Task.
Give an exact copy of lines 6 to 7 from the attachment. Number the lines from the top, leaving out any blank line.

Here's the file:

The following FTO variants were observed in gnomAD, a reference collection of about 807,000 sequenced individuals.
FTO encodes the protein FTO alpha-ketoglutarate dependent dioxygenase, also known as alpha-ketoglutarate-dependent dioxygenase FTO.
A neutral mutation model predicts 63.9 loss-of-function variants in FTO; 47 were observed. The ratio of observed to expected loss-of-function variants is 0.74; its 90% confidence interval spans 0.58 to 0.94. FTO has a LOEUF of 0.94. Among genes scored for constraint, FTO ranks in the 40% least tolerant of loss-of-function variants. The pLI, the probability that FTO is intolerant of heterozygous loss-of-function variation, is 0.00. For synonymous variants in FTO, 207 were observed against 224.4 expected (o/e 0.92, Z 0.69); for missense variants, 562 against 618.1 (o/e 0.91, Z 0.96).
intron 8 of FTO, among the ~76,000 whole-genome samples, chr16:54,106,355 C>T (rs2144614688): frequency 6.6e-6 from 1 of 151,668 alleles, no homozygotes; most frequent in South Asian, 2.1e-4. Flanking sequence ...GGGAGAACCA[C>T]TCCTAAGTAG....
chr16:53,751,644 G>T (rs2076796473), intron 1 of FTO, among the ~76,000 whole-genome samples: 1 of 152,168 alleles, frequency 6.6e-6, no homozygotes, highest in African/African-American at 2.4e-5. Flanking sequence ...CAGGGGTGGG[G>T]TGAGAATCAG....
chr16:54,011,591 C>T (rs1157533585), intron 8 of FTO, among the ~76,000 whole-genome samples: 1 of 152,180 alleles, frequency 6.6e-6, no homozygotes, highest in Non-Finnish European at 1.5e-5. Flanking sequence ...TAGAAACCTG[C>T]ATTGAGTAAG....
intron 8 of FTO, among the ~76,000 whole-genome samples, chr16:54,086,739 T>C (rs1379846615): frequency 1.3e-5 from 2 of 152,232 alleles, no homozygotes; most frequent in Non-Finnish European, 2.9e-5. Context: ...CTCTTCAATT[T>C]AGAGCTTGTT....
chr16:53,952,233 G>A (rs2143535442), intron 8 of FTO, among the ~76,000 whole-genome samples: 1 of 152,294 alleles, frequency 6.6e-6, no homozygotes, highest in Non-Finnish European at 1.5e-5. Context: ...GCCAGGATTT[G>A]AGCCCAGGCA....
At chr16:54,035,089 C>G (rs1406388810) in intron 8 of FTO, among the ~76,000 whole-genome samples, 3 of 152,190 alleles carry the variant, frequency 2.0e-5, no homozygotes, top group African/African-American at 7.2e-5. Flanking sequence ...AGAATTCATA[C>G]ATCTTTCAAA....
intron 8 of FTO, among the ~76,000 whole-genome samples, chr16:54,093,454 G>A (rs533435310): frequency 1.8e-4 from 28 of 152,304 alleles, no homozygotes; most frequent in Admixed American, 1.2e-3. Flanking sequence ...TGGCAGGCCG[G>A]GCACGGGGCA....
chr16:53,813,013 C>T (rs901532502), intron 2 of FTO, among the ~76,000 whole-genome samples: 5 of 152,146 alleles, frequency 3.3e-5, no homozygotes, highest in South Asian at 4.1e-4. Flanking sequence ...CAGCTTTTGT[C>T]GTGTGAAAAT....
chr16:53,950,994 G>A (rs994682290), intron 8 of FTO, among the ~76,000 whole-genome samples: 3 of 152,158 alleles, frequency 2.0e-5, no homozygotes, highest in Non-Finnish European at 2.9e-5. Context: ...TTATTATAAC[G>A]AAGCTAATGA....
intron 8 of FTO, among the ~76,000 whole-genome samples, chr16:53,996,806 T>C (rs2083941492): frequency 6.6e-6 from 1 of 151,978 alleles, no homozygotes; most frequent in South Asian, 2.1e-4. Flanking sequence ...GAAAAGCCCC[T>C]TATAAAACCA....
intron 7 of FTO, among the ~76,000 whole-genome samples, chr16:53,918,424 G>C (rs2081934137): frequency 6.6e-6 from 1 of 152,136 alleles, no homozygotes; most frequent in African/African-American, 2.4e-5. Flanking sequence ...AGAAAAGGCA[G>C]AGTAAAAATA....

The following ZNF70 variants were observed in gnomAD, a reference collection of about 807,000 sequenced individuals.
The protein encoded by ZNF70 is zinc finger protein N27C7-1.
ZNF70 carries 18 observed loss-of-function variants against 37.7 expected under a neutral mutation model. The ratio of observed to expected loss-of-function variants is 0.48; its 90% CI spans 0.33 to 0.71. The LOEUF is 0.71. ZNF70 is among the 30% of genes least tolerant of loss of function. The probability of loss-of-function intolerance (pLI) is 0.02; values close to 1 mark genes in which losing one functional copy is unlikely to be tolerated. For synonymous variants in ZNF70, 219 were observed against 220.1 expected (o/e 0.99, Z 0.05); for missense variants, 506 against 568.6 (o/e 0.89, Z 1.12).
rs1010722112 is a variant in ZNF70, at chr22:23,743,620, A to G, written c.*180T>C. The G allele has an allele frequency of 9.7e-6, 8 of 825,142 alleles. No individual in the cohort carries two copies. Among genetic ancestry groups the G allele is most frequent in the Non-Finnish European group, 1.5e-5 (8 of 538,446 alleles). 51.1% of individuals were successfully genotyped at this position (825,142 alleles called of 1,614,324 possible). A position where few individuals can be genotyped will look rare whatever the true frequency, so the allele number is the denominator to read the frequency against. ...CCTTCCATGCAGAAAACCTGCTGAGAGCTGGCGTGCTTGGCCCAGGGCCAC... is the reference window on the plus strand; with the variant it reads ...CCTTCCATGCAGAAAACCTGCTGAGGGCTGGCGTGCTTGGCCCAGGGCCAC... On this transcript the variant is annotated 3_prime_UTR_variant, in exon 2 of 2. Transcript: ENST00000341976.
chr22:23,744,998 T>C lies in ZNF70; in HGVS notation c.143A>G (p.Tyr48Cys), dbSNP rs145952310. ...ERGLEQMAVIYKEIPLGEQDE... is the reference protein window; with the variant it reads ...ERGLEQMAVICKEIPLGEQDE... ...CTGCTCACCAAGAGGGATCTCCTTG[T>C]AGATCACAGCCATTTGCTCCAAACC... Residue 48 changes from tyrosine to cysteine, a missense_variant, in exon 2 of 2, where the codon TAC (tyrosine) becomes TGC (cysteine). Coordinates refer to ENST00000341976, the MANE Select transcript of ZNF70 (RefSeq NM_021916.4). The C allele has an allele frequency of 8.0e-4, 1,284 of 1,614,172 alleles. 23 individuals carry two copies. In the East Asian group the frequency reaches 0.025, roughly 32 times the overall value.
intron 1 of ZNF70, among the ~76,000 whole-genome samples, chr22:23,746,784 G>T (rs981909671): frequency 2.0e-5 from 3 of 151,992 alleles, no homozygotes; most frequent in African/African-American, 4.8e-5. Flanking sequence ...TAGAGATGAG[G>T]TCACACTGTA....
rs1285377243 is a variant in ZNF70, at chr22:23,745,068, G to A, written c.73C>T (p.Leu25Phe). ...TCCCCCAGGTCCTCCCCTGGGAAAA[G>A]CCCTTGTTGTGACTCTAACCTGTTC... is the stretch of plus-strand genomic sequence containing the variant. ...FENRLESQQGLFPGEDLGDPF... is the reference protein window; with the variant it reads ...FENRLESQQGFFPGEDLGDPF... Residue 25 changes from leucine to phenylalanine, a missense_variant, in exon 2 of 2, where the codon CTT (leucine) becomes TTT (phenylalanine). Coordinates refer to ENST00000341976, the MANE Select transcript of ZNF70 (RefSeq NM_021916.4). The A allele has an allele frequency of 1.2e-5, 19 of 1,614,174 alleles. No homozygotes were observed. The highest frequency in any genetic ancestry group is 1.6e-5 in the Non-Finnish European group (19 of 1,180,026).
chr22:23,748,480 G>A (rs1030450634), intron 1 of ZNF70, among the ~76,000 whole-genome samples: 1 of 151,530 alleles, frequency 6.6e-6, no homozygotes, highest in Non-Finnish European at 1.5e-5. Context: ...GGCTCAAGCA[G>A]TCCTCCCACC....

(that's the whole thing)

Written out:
chr16:54,011,591 C>T (rs1157533585), intron 8 of FTO, among the ~76,000 whole-genome samples: 1 of 152,180 alleles, frequency 6.6e-6, no homozygotes, highest in Non-Finnish European at 1.5e-5. Flanking sequence ...TAGAAACCTG[C>T]ATTGAGTAAG....
intron 8 of FTO, among the ~76,000 whole-genome samples, chr16:54,086,739 T>C (rs1379846615): frequency 1.3e-5 from 2 of 152,232 alleles, no homozygotes; most frequent in Non-Finnish European, 2.9e-5. Context: ...CTCTTCAATT[T>C]AGAGCTTGTT....